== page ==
A Glossary Of BIM

Technology can be a minefield of terms and acronyms. The platforms and technology related to BIM - the acronym representing Building Information Modelling - are certainly no exception.

We're keen to avoid using words that require insider knowledge to understand, so to help along the way, we've collected the most common BIM terms you're likely to come across in general usage and provided a clear explanation of their meaning.

Call it a BIM 'Crib Sheet' if you like...

   

 

 

TERM  

 

DEFINITION

 

3D

 

Three dimensional drawings or models

 

4D

 

A 3D model that includes a measurement of time and/or sequence

 

5D

 

A 4D model with added information regarding cost

 

6D

 

 

As above, but with information to aid facilities management after construction has finished and the lifecycle of the building as it progresses

 

7D

 

All of the above levels, with the addition of data from sensors

 

BEP 

 

 

 

 

A BIM Execution Plan (BEP) as described in the British Standards and Publicly Available Specifications (PAS): PAS 1192-2:2013 is a "plan prepared by the suppliers to explain how the information modelling aspects of a project will be carried out". It is an essential agreement from all parties regarding how they will all work together to collaborate and co-operate in the sharing of data.

 

BIM

  

 

 

Building Information Modelling: At a basic level, BIM is a process involving the generation and management of digital representations of physical and functional characteristics of places. Think 3D models, but with detail showing where wiring will be added, pipes placed and so on. See this video explaining BIM models in just three minutes.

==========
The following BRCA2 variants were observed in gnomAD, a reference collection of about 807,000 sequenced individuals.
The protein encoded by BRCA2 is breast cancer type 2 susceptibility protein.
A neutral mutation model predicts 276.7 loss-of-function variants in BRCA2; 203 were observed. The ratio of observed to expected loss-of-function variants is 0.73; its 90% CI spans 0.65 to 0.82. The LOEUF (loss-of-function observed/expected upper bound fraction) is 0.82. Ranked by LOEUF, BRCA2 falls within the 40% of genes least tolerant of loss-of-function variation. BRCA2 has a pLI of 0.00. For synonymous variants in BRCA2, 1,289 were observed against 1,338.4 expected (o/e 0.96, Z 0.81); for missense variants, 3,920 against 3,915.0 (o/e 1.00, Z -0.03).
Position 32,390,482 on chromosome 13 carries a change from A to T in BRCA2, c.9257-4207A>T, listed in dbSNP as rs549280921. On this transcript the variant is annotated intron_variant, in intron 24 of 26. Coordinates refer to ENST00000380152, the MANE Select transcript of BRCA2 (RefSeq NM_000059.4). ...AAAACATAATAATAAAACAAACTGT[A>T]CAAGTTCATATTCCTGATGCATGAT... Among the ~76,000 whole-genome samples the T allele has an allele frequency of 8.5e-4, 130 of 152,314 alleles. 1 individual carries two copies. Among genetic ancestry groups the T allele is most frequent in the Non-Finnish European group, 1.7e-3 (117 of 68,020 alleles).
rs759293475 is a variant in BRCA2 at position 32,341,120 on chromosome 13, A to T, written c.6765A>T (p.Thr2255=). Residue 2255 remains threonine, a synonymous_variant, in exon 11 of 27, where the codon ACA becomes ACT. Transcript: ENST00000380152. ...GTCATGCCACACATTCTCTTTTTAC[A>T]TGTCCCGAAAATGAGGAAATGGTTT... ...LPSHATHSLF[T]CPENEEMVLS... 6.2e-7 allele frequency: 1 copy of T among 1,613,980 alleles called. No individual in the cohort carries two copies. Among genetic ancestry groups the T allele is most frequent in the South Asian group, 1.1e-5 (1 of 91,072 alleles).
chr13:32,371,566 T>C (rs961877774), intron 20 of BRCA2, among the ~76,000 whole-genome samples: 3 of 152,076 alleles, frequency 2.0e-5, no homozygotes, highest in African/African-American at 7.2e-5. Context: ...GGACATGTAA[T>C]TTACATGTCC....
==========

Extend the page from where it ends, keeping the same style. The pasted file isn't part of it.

BIM maturity

 

 

 

 

 

 

 

 

 

 

 

 

 

 

 

 

 

 

 

 

 

 

 

 

 

 

 

 

 

 

At the most basic, BIM can just be CAD (see below) models. At the most advanced; fully integrated, interoperable data able to be collaborated on by all parties. There are a number of definitions, but broadly speaking they fit into the following groups:

Level 0 - Unmanaged 2D CAD drafting, with electronic exchange of files, but no common standards or formats.

Level 1 - Managed 2D and 3D CAD files, containing models, objects, co-ordinates and structures following an agreed standard and able to be shared, but usually not collaborated on, via a standardised CDE (see below).

Level 2 - Managed 3D environment and data, able to be collaborated on by involved parties. May include 4D and 5D information. The UK government is pushing for all suppliers to meet Level 2 as a minimum and has various guidelines for minimum capability levels.

Level 3 - Still in its definition stages, it includes elements of all the previous levels and adds further expectations for: Whole life management of a building (including after its construction), measurement via 'Internet of Things' and the ability to integrate live with other BIM systems, allowing all systems to exchange and act upon common data. Level 3 may include 4D, 5D and 6D information.

A great article explaining the levels of BIM - and an expanded diagram of 'The Wedge' BIM maturity model below, developed by Mark Bew and Mervyn Richards - can be found here.

Image permission kindly granted by BIM+ 

 

The Wedge BIM diagram Lobster Pictures glossary of BIM

 

CAD